Rabotkina and Hamelin
Schumann: Humoreske in B-Flat Major, Op. 20
Busoni: Variations and Fugue on Chopin’s Prelude in C Minor, Op. 22
Prokofiev: Ten Pieces from Romeo and Juliet, Op. 75
Hamelin: Etude No. 3 (d’aprés Paganini-Liszt)
Daria Rabotkina is a young Russian pianist who received her Bachelor’s and Master’s degrees from Mannes College, and won the 2007 Concert Artists Guild International Competition. Her programming is ambitious and original, and the results are impressive.
The final work on the recital (not counting an encore written by her husband, William McNally, the lovely and wistful Hill Springs Rag) was an etude by Marc-André Hamelin, based on La Campanella. A typically brilliant and complicated Hamelinian tour-de-force, she played it (as she played everything else) with apparent ease. It was somewhat astonishing to discover, afterwards, that she had learned it within a month.
Ms. Rabotkina began the recital with Schumann’s long, strange but wonderful Humoreske. Her warm and noble phrasing in the slow sections, particularly the opening, contrasted with the athleticism and power she brought to the fast parts.
Busoni’s Variations, in which one hears the melody of the theme before the original Chopin version of the piece appears, was fascinating, and included what sounded like both a waltz, and a concluding toccata. Ms. Rabotkina, who likes to speak to the audience about the music, mentioned that Busoni varies the key, rhythm, and I think, other parts of the structure in this difficult work, which, most likely, few people even in this pianophile audience had heard before.
Perhaps most impressive, technically, musically and in every respect, was her performance of the Prokofiev Pieces from Romeo and Juliet. One doesn’t want to stereo-type, ie. assume that a Russian artist should play Russian music well but, nevertheless: Daria Rabotkina is a fantastic Prokofiev pianist! Nothing one could have wished for was missing from this performance. She “acted out” all the parts of this work, showing the work’s lushness and elegance, jagged edges, and youthful ardor. She never missed a coloristic opportunity. And it all sounded effortless.
This listener would be happy to hear her again.
C.P.E. Bach: Sonata in E Minor, Wq. 59, No. 1, H. 281
Janacek: Seven Pieces from On An Overgrown Path
Debussy: Images, Book I
Brahms: Sonata No. 3 in F Minor, Op. 5
Marc-André Hamelin occupies a unique place in the world of pianists. Without question he is one of the greatest virtuosos now before the public. Never content to just play the Tchaikovsky, Rachmaninoff and Brahms concerti, and solo works of similar difficulty, he has searched out unusual repertoire, plus he has composed some astonishingly complicated and effective pieces. And, in his non-egotistical, non-flashy manner, as a musician who also has much to say when the notes are not flying by, he is something of a hero to the audience at the IKIF.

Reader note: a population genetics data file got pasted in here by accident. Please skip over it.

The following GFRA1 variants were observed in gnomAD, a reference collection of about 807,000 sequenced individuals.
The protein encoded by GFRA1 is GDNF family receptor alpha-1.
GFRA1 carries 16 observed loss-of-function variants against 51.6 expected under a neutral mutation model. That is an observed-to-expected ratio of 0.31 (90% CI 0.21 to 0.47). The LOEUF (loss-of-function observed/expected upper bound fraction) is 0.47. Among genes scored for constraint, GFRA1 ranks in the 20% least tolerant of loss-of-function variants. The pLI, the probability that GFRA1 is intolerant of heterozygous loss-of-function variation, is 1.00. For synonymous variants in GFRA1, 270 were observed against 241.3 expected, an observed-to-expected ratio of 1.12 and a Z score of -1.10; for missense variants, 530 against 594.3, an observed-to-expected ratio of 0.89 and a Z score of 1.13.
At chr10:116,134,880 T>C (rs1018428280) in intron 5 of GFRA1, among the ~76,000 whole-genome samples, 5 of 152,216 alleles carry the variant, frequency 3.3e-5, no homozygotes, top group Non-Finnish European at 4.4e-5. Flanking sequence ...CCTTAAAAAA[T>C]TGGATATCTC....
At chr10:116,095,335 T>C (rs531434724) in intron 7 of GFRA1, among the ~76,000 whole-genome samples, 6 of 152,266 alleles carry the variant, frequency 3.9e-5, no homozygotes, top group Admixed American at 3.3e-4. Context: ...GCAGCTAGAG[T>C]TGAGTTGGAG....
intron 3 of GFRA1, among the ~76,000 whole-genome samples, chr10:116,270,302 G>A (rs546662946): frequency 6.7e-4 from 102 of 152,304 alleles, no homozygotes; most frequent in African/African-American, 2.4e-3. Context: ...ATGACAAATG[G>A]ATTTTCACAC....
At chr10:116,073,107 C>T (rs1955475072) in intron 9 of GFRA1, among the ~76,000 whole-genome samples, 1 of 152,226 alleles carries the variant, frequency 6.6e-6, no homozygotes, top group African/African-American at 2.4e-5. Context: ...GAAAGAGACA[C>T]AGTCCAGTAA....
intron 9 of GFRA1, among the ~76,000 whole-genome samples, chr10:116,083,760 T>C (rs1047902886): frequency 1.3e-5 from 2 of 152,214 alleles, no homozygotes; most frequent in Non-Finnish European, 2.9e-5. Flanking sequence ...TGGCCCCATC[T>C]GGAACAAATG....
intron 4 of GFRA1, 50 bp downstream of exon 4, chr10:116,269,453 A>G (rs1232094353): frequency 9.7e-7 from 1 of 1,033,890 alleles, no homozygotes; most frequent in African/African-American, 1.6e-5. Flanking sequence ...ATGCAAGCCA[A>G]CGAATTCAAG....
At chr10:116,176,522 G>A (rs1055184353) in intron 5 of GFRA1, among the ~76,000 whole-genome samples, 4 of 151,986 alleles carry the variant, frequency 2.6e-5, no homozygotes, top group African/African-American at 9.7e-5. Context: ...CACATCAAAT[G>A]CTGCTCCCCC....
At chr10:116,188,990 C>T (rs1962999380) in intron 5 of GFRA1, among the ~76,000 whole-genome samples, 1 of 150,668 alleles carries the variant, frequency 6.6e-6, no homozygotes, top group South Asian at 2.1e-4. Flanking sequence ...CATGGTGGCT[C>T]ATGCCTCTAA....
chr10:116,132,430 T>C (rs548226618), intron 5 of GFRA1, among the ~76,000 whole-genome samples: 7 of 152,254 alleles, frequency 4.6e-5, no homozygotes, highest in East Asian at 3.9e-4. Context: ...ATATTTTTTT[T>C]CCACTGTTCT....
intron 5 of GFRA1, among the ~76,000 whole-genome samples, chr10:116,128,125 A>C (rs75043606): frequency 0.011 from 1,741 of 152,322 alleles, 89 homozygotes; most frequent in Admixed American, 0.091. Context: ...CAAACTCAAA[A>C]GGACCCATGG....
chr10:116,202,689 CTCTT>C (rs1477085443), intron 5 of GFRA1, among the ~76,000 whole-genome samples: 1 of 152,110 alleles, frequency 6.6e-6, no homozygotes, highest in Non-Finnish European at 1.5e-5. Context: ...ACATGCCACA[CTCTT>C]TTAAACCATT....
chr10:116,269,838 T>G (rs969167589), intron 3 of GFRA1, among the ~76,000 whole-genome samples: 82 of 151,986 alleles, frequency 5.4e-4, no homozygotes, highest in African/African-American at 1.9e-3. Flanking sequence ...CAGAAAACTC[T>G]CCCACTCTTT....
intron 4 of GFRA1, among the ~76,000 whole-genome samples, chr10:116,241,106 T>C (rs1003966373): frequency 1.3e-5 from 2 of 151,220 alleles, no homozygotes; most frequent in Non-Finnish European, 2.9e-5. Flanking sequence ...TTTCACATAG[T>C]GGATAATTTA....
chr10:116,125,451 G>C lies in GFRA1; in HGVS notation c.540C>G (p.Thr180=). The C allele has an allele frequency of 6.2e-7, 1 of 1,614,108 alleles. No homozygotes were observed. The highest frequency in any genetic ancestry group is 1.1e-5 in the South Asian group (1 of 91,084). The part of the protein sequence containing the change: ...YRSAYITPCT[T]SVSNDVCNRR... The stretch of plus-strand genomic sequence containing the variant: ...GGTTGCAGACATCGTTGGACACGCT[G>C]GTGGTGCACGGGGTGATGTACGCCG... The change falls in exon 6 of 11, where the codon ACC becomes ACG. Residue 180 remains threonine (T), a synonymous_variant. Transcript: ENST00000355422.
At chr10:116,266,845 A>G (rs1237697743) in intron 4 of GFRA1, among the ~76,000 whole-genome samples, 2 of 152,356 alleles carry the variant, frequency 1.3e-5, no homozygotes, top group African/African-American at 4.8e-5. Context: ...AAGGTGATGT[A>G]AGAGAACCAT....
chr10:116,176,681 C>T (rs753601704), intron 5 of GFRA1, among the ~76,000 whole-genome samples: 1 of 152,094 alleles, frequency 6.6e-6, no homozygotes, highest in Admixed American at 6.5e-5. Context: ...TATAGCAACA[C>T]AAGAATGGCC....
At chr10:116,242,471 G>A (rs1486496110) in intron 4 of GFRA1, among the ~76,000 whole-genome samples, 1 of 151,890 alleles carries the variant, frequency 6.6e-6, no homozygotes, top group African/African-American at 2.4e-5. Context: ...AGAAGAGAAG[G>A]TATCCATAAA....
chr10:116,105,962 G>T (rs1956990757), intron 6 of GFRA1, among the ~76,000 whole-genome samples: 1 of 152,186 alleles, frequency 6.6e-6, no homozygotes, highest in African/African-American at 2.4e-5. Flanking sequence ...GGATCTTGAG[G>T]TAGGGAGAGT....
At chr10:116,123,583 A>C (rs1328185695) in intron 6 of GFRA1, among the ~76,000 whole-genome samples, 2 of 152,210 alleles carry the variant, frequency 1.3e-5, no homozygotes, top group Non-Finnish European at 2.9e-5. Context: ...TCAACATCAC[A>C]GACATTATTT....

C.P.E. Bach’s little-known E Minor Sonata caught one’s attention immediately with its volatility in the somewhat disturbing first movement, enhanced, of course, by the terrific evenness of Mr. Hamelin’s passagework. The slow movement seemed rather like an improvisation, whereas the third movement was quirky, with a surprise, sudden ending.
Before playing the Janacek Mr. Hamelin asked the audience if the program listed the names of the individual movements of which it is comprised. (For the record, they are: Our evenings, A windblown leaf, Come with us!, They chattered like swallows, Words fail!, In tears, and Good night.) These are wonderful, warm late Romantic pieces, ever so slightly reminiscent of Bartok, but in Janacek’s unique idiom. I don’t know how literally the composer meant these titles, or if they were just after thoughts to add a coloration to the listener’s thoughts. But one wondered what the meaning of the resolution to the major at the end of They chattered like swallows could signify. There was much turmoil to be heard in Words fail. In tears showed how powerful emotions can be expressed very softly. And one felt that surely there was some conflict, some unresolved business at the end of Good night.
Mr. Hamelin’s performance last year of Ravel’s Gaspard de la Nuit came across as an artwork in which everything was perfectly in place, and nothing could be improved upon. His playing of the first book of Images this evening made a similar impression. Reflets dans l’eau was sensuous, without having (or needing) the huge dynamic range we heard in the Michelangeli recording at David Dubal’s lecture the other night. Hommage à Rameau was pensive, and Mouvement was terrific, with Mr. Hamelin’s perfect execution of the difficult jumps, plus the great wash of sound and the outbursts that are all part of it.
The Brahms Sonata, which occupied the second half of the program, received a serious (though not solemn) and deeply felt reading. The first two movements were a bit slower than some people may play them, but effective, and thoughtful. There were many examples of Mr. Hamelin’s sensitivity to color, and his ability to do beautiful voicing. Also impressive was his playing of the chorale in the middle of the third movement.
Mr. Hamelin played two encores. The first was a poetic reading of the Rachmaninoff G-Sharp Minor Prelude. After making some amusing comments about people who wonder if the Minute Waltz of Chopin can be played within a minute, he gave us his latest “take” on this work. First he played a lovely “serious” and spacious account of the theme and the middle section. He then returned to the main section, adding the most outrageous and brilliant chromatic counter-melody to the theme. When asked, after the concert, if perhaps George Antheil might be the inspiration for this new version, Mr. Hamelin shrugged, grinned and said “Maybe!?”